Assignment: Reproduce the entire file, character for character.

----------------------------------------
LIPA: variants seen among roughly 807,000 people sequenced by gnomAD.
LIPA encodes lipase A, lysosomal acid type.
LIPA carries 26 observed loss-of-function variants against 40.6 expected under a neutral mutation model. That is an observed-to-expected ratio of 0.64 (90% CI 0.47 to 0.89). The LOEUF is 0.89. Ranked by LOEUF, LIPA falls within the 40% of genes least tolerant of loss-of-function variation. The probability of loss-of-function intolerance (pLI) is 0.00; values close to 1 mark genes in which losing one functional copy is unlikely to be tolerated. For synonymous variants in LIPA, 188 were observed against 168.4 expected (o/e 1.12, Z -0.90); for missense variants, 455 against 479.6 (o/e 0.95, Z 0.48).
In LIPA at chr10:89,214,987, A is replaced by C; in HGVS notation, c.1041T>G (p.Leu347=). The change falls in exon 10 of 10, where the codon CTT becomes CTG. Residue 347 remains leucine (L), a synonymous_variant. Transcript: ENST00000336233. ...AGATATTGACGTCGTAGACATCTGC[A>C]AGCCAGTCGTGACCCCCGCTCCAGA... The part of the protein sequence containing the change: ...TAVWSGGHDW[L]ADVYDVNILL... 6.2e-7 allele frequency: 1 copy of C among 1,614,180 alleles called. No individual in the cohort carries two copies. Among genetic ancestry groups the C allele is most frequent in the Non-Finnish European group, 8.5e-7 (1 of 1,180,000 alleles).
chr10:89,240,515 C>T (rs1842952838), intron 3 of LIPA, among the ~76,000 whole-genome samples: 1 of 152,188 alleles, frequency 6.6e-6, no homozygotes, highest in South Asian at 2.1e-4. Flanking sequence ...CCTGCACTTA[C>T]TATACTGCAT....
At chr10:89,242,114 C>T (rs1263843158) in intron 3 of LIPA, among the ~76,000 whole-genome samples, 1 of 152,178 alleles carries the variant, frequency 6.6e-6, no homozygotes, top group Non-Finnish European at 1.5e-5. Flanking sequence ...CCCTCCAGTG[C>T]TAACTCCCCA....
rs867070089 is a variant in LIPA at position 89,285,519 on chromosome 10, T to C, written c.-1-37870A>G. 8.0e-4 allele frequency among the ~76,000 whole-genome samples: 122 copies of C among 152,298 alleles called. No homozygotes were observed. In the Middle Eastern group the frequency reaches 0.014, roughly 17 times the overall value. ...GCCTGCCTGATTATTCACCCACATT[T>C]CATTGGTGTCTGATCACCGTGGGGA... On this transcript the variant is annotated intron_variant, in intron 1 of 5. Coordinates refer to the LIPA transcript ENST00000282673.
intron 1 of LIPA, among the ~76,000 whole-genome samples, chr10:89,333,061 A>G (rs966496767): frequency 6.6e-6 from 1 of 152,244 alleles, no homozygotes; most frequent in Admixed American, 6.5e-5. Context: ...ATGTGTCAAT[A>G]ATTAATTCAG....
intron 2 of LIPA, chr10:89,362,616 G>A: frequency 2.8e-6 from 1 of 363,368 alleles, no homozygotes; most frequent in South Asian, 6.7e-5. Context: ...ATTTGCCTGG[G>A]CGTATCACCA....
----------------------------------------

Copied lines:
LIPA: variants seen among roughly 807,000 people sequenced by gnomAD.
LIPA encodes lipase A, lysosomal acid type.
LIPA carries 26 observed loss-of-function variants against 40.6 expected under a neutral mutation model. That is an observed-to-expected ratio of 0.64 (90% CI 0.47 to 0.89). The LOEUF is 0.89. Ranked by LOEUF, LIPA falls within the 40% of genes least tolerant of loss-of-function variation. The probability of loss-of-function intolerance (pLI) is 0.00; values close to 1 mark genes in which losing one functional copy is unlikely to be tolerated. For synonymous variants in LIPA, 188 were observed against 168.4 expected (o/e 1.12, Z -0.90); for missense variants, 455 against 479.6 (o/e 0.95, Z 0.48).
In LIPA at chr10:89,214,987, A is replaced by C; in HGVS notation, c.1041T>G (p.Leu347=). The change falls in exon 10 of 10, where the codon CTT becomes CTG. Residue 347 remains leucine (L), a synonymous_variant. Transcript: ENST00000336233. ...AGATATTGACGTCGTAGACATCTGC[A>C]AGCCAGTCGTGACCCCCGCTCCAGA... The part of the protein sequence containing the change: ...TAVWSGGHDW[L]ADVYDVNILL... 6.2e-7 allele frequency: 1 copy of C among 1,614,180 alleles called. No individual in the cohort carries two copies. Among genetic ancestry groups the C allele is most frequent in the Non-Finnish European group, 8.5e-7 (1 of 1,180,000 alleles).
chr10:89,240,515 C>T (rs1842952838), intron 3 of LIPA, among the ~76,000 whole-genome samples: 1 of 152,188 alleles, frequency 6.6e-6, no homozygotes, highest in South Asian at 2.1e-4. Flanking sequence ...CCTGCACTTA[C>T]TATACTGCAT....
At chr10:89,242,114 C>T (rs1263843158) in intron 3 of LIPA, among the ~76,000 whole-genome samples, 1 of 152,178 alleles carries the variant, frequency 6.6e-6, no homozygotes, top group Non-Finnish European at 1.5e-5. Flanking sequence ...CCCTCCAGTG[C>T]TAACTCCCCA....
rs867070089 is a variant in LIPA at position 89,285,519 on chromosome 10, T to C, written c.-1-37870A>G. 8.0e-4 allele frequency among the ~76,000 whole-genome samples: 122 copies of C among 152,298 alleles called. No homozygotes were observed. In the Middle Eastern group the frequency reaches 0.014, roughly 17 times the overall value. ...GCCTGCCTGATTATTCACCCACATT[T>C]CATTGGTGTCTGATCACCGTGGGGA... On this transcript the variant is annotated intron_variant, in intron 1 of 5. Coordinates refer to the LIPA transcript ENST00000282673.
intron 1 of LIPA, among the ~76,000 whole-genome samples, chr10:89,333,061 A>G (rs966496767): frequency 6.6e-6 from 1 of 152,244 alleles, no homozygotes; most frequent in Admixed American, 6.5e-5. Context: ...ATGTGTCAAT[A>G]ATTAATTCAG....
intron 2 of LIPA, chr10:89,362,616 G>A: frequency 2.8e-6 from 1 of 363,368 alleles, no homozygotes; most frequent in South Asian, 6.7e-5. Context: ...ATTTGCCTGG[G>A]CGTATCACCA....